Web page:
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Ball Don't Lie

How to properly treat and care for a 7-footer

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Eaton


Good news, American citizens who stand over 7-feet tall. While annoying (and often downright rude) gawkers may enervate you on a daily basis, you might be shocked to know that you have a 17 percent chance of playing in the NBA. Seventeen. That speaks to how surprisingly few American males between the age of 20 and 70 walk among us, and just how many actually make the NBA. Counter that with the percentage of American males who stand between 6-6 and 6-8 and their probability at making the NBA: .07 percent.

All this comes from a fascinating feature on 7-footers penned by Sports Illustrated's Pablo Torre this week.  This isn't a documentation of once-millionaire 7-footers wingeing about their height and how people treat them, rather, it's just a study on how they get by. And how a 7-2 center might not look all that different when working amongst 6-10 power forwards, but they certainly do warrant a second look walking past you and your girlfriend at Whole Foods.

Here's a snippet of the must-read:

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Finding footwear that fits can be an even more painful pursuit. "People won't stock shoes over size 15," says Bruce Teilhaber, the owner of Friedman's Shoes in downtown Atlanta. "We have more 17s than 8s, so the biggest guys are all mine. And I don't know what I'd do without them." Nor they him. Former Pacers center Rik Smits, who stands 7'4", wore such tight shoes at home in the Netherlands as a teenager that he developed excruciating nerve damage in his feet. In 1962, as an impoverished 12-year-old in Chipley, Fla., [Artis] Gilmore was so outsized, he says, that he went barefoot for an entire year. Today, both Smits (size 20) and Gilmore (18) are customers at Friedman's—as is every retired player quoted in this story. (As Teilhaber exclaimed on a recent afternoon, "I just sent [7'2" former Jazz center] Luther Wright three pairs of 20s!")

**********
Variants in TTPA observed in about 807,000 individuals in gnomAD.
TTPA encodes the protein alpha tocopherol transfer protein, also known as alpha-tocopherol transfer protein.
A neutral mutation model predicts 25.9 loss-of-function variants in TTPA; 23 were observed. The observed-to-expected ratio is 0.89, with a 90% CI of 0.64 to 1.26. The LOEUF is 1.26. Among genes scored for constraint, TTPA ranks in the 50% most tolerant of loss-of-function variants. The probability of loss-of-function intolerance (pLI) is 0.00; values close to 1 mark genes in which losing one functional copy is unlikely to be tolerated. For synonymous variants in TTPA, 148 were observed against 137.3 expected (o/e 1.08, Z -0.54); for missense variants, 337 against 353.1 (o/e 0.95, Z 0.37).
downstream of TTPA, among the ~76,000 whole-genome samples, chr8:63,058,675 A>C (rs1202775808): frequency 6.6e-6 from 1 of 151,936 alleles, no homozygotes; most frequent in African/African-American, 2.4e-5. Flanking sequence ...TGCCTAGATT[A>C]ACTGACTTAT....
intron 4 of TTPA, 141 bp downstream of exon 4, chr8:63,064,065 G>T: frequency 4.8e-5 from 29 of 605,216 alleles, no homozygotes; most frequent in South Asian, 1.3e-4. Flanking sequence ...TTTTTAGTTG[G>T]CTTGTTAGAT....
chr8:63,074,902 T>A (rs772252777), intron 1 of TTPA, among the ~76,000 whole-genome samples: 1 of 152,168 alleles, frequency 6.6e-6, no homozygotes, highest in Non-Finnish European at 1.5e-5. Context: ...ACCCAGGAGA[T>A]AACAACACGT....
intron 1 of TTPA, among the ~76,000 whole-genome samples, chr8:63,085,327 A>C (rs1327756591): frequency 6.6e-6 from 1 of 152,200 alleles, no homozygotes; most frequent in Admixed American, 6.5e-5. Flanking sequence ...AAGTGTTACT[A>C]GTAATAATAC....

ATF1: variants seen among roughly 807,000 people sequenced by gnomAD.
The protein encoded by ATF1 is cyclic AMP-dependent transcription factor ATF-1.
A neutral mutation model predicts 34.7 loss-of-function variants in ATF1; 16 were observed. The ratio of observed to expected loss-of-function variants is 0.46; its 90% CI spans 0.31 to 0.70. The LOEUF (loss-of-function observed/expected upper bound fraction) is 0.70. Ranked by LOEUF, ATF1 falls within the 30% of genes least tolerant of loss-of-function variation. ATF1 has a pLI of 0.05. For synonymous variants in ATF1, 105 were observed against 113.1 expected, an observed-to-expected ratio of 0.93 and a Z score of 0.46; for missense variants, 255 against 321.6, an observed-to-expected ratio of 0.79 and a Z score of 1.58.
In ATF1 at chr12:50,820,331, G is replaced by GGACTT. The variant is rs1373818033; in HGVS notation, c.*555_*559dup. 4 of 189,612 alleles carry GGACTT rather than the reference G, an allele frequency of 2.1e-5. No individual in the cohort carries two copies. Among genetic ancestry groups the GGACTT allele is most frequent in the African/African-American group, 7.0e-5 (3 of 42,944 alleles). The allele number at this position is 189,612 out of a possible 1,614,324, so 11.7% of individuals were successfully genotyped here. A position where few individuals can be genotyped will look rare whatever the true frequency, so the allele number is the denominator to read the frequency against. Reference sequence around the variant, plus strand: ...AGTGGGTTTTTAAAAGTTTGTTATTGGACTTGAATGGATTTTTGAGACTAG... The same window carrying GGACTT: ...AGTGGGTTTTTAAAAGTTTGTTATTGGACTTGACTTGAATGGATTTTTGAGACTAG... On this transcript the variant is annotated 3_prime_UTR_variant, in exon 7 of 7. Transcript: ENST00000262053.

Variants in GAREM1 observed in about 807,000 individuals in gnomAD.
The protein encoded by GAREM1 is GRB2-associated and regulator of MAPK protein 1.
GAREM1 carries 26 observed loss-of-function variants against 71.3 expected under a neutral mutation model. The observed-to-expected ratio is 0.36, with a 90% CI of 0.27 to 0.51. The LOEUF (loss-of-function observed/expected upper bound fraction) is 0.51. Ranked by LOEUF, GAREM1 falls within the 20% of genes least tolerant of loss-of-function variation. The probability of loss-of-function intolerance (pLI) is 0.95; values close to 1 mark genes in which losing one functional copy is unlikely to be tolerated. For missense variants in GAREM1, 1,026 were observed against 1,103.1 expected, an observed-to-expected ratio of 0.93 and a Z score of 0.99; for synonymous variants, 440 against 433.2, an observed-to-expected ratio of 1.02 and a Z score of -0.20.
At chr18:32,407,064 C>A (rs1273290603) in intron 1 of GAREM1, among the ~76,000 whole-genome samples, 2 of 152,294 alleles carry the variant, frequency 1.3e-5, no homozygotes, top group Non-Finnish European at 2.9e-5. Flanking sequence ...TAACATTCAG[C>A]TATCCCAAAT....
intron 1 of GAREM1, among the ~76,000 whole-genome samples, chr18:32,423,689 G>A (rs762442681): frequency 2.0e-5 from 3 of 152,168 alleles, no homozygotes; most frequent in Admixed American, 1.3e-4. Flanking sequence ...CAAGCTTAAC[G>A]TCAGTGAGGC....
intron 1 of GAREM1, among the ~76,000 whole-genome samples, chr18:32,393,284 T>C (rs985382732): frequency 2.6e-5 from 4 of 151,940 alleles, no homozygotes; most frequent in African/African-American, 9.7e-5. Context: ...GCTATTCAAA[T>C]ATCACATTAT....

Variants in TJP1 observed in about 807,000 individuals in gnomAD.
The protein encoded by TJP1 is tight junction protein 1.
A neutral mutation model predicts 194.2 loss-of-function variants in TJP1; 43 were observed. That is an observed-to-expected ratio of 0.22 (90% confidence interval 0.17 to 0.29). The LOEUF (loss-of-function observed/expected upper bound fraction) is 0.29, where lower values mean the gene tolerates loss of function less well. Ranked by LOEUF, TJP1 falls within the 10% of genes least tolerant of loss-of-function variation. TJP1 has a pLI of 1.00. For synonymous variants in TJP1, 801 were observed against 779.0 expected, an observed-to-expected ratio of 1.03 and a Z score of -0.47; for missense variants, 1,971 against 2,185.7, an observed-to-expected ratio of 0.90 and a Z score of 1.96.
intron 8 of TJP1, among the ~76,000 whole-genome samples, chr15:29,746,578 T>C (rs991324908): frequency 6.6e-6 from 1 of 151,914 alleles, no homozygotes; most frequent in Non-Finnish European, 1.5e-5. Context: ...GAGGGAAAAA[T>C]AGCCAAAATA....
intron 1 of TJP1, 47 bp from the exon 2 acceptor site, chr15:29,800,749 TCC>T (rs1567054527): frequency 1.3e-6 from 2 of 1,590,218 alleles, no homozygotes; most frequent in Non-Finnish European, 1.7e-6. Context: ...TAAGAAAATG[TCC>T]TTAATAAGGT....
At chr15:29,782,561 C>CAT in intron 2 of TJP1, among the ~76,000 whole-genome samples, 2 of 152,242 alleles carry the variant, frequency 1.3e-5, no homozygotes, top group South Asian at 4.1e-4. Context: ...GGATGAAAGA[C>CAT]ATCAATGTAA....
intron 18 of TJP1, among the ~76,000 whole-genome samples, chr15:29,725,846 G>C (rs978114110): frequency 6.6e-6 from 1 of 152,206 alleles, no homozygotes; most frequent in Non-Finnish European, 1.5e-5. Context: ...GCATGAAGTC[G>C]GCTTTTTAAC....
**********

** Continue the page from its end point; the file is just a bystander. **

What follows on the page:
But no matter how many niche businesses emerge to serve big men, complications of fit are guaranteed. "Nothing is ergonomically correct for a 7-footer," says 7'2" James Donaldson, who played center for five teams over 14 years and now runs the Donaldson Clinic, a physical therapy center in Mill Creek, Wash. "I would love, just once, to fill up a hotel bathtub with bubbles and soak in it like a normal-sized person can." But that will never happen. More frustrating—not to mention dangerous—are doorways, which have long been standardized at 6'8", along with ceiling fans, exit signs and steel emergency sprinklers, lying in wait like caltrops. "With those things, you're talking about scalping an individual," says Gilmore. Rare is the pivotman who has emerged unscathed.

Yikes. Consider that Smits' career ended far earlier than it should have due to foot problems created by those shoddy shoes.

I can't get over the rarity inherent in these men. That 17 percent probability rate blows me away, and it's certainly something to think about the next time we rank our team's 6-11 center as "undersized."

Also, would it kill you to politely ask a former NBA center before whirring (you think) surreptitiously to position yourself in frame to take a picture with one? They can see you down there, you know.

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